Govt. owes electronic monitoring company close to US $200,000

~ Ministry has no comment ~

PHILIPSBURG–The Justice Ministry owes Fennix Global Technologies close to US $200,000 in outstanding fees for the maintenance and upgrade of 25 electronic ankle bracelets purchased in 2015.

The company has a three-year contract with the Ministry signed by former Minister of Justice Edson Kirindongo and Pointe Blanche prison Director Edward Rohan, which started in 2015.

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The company has been reaching out to current Minister of Justice Rafael Boasman for several months now, but Boasman continues to avoid meeting with the company representatives. Meanwhile, the monthly payments for the 25 devices are still being billed to the Ministry.

The Daily Herald obtained several e-mails exchanged by Fennix Global Technologies Executive Regional Director Chey Rodriquez, Minister Boasman and his cabinet. Rodriquez forwarded an e-mail to Boasman in January this year, informing him about the commitments made by the previous Minister and what his company can offer the Pointe Blanche prison.

Fennix Global Technologies is one of seven companies in the world dedicated to design, develop, manufacture and implement technological solutions for the Criminal Justice industry. Fennix’s Criminal Justice Division, which operates under the trademark brand monitorINMATES, has current successful projects in Colombia, the Dominican Republic, El Salvador and Puerto Rico with both its Pro-Active Tracking (PAT) and Prisons Electronic Management (PEM) modules.

The e-mail stated that since February 2014, “our company has a Service and Maintenance Agreement with the Government of Sint Maarten. We have run a successful programme for some 14 months and for the past seven months we have been waiting to train your personnel on our new platform.

“Since March of 2015 we informed Director Edward Rohan of the updated platform. We have a signed addendum to our agreement extending our service an additional five years of our aforementioned agreement. In such agreements we as a company are donating our PEM module to your Ministry.

The PEM module includes: Prison Telephone System, which manages all mobile telecommunications inside the prison, while providing a pre-paid calling system for inmates. The module also includes a digital currency system for inside –the-prison purchases by inmates.”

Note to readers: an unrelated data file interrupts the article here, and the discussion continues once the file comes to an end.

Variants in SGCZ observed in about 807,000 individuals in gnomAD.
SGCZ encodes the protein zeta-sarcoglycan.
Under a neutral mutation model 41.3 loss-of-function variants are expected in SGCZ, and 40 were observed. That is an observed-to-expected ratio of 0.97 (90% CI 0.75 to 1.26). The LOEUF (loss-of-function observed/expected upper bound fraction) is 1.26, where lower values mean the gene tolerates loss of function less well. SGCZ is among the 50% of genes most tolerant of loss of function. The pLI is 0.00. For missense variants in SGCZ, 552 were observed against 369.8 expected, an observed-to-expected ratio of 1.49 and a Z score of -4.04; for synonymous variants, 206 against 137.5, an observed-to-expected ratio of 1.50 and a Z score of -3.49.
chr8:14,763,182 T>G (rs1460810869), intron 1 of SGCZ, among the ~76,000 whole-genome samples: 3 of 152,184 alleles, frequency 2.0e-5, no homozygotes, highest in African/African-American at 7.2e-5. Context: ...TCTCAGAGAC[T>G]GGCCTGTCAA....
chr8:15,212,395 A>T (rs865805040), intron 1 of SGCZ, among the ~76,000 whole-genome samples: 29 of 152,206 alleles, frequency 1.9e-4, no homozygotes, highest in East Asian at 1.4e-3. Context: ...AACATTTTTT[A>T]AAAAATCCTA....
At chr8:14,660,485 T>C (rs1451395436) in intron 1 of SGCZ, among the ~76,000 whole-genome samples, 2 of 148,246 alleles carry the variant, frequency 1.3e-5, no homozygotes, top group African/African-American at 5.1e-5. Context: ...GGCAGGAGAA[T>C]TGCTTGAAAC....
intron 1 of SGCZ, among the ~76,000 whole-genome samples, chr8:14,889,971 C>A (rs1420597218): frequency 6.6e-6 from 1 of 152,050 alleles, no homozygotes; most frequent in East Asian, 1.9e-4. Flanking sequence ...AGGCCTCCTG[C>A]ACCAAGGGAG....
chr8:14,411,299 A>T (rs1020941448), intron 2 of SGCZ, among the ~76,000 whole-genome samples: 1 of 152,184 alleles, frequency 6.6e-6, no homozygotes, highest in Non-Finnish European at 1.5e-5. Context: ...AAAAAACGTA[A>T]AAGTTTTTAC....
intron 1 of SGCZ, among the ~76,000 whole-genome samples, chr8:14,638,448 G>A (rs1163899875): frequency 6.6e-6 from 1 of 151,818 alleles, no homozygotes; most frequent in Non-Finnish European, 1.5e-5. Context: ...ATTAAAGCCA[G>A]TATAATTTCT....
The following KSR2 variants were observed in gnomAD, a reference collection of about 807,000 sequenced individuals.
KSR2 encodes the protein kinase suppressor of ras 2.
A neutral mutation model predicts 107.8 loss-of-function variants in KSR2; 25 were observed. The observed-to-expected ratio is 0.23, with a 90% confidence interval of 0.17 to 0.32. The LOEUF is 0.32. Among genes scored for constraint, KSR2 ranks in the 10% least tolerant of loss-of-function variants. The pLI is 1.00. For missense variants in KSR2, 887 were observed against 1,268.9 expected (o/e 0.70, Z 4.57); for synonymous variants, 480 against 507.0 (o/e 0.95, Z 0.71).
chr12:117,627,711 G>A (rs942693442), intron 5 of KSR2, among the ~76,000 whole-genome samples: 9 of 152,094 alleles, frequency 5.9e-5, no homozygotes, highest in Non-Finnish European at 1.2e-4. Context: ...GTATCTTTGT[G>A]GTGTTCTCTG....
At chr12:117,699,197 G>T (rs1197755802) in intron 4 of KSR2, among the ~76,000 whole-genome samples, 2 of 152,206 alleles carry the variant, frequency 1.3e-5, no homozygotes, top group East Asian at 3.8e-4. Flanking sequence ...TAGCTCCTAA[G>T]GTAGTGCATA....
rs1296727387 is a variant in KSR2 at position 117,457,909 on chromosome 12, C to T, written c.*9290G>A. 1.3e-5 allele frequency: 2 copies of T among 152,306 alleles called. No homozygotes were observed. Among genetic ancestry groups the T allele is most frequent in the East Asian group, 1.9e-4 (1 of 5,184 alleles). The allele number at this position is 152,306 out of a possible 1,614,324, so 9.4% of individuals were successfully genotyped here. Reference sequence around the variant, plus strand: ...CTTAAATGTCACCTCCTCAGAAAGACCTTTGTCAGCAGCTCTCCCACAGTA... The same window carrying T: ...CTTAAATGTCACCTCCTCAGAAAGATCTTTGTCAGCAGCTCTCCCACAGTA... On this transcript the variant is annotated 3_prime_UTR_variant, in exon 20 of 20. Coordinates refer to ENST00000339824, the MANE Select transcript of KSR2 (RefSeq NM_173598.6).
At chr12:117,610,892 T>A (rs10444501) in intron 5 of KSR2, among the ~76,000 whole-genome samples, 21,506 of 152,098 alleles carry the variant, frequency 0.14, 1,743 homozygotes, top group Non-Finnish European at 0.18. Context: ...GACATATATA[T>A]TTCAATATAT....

The PEM module includes software for prison management which contains digital entry logs, inventory of inmates, guards and visitors with profiles and can include closed-circuit cameras.

“Our programs have been very successful in some 80 prisons across the region. We have also other sub-modules in PEM such as Virtual Courthouse, which reduces transportation costs and security risks,” Rodriquez wrote.

In an interview with this newspaper, Rodriquez said his company knows that the Government of St. Maarten can save around $6,000 per inmate per month or $72,000 a year.

“Our agreement was for 25 units, which saved thousands annually. Our current contract with St Maarten is close to US $200,000 in outstanding fees. We are willing to negotiate such debt and properly train personnel as well as implement PEM to the prison facility,” stated Rodriquez.

The 25 units are not being used at present. “I am a solution-maker, not a trouble-maker. I am willing to sit down with the Minister and work in the interest of making the prison in St. Maarten safer. All I would like is to have my e-mails answered and find a solution to the agreements we already have with the Justice Ministry,” stated Rodriquez.

This newspaper contacted Minister Boasman’s cabinet on Monday and Boasman answered via his Press Secretary Fernando Clarke that he had no comment at that time.

Fennix Global Technologies is an American company established in Panama. Rodriquez has appointed Arthur Lugisse as Executive Representation in the Caribbean. Fennix360 has its local technical crew in St. Maarten and all its other subsidiaries. The company was contracted to head two programmes.

Minister Boasman’s Executive Assistant Marilyn Pieters informed Rodriquez and Lugisse via e-mail on January 30 that after discussing their meeting request with Minister Boasman, the cabinet informed them that Minister Boasman is currently analysing the situation at the prison. “Due to this fact he will not be able to meet with any company regarding this matter at this time. Hoping to have informed you correctly,” stated Pieters.

Fennix Global Technologies has a record of all correspondence between the Ministry and its office. Since Boasman’s swearing-in on January 6, the company started requesting meetings with him.

“On January 29 this year we presented an agenda in order to show we want to move forward. On January 30, we received confirmation from the cabinet that our correspondence and request for a meeting was received,” stated Rodriquez.

Source: The Daily Herald https://www.thedailyherald.sx/islands/66775-govt-owes-electronic-monitoring-company-close-to-us-200-000

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